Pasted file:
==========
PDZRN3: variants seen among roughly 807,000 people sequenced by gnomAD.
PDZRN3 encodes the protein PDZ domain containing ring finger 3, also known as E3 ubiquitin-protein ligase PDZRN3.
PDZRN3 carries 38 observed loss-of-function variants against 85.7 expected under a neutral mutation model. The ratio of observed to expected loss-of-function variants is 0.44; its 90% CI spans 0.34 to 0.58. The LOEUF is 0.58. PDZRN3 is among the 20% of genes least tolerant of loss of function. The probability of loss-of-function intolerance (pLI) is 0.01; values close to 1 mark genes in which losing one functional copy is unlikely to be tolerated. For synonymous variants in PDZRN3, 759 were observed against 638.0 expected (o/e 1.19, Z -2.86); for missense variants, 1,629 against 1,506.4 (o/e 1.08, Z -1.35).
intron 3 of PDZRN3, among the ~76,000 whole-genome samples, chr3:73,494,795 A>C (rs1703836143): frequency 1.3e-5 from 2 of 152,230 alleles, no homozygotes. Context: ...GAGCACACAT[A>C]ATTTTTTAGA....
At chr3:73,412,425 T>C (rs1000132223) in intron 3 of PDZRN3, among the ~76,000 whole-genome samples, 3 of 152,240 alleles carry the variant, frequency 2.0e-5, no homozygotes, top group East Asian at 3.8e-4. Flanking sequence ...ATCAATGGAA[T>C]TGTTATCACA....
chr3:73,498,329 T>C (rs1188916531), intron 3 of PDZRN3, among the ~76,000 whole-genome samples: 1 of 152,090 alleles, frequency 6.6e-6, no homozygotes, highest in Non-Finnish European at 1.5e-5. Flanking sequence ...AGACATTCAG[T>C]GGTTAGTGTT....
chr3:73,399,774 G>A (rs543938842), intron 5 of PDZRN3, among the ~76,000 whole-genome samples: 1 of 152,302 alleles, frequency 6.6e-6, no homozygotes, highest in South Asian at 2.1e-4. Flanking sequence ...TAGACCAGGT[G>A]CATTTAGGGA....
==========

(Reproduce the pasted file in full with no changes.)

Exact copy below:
PDZRN3: variants seen among roughly 807,000 people sequenced by gnomAD.
PDZRN3 encodes the protein PDZ domain containing ring finger 3, also known as E3 ubiquitin-protein ligase PDZRN3.
PDZRN3 carries 38 observed loss-of-function variants against 85.7 expected under a neutral mutation model. The ratio of observed to expected loss-of-function variants is 0.44; its 90% CI spans 0.34 to 0.58. The LOEUF is 0.58. PDZRN3 is among the 20% of genes least tolerant of loss of function. The probability of loss-of-function intolerance (pLI) is 0.01; values close to 1 mark genes in which losing one functional copy is unlikely to be tolerated. For synonymous variants in PDZRN3, 759 were observed against 638.0 expected (o/e 1.19, Z -2.86); for missense variants, 1,629 against 1,506.4 (o/e 1.08, Z -1.35).
intron 3 of PDZRN3, among the ~76,000 whole-genome samples, chr3:73,494,795 A>C (rs1703836143): frequency 1.3e-5 from 2 of 152,230 alleles, no homozygotes. Context: ...GAGCACACAT[A>C]ATTTTTTAGA....
At chr3:73,412,425 T>C (rs1000132223) in intron 3 of PDZRN3, among the ~76,000 whole-genome samples, 3 of 152,240 alleles carry the variant, frequency 2.0e-5, no homozygotes, top group East Asian at 3.8e-4. Flanking sequence ...ATCAATGGAA[T>C]TGTTATCACA....
chr3:73,498,329 T>C (rs1188916531), intron 3 of PDZRN3, among the ~76,000 whole-genome samples: 1 of 152,090 alleles, frequency 6.6e-6, no homozygotes, highest in Non-Finnish European at 1.5e-5. Flanking sequence ...AGACATTCAG[T>C]GGTTAGTGTT....
chr3:73,399,774 G>A (rs543938842), intron 5 of PDZRN3, among the ~76,000 whole-genome samples: 1 of 152,302 alleles, frequency 6.6e-6, no homozygotes, highest in South Asian at 2.1e-4. Flanking sequence ...TAGACCAGGT[G>A]CATTTAGGGA....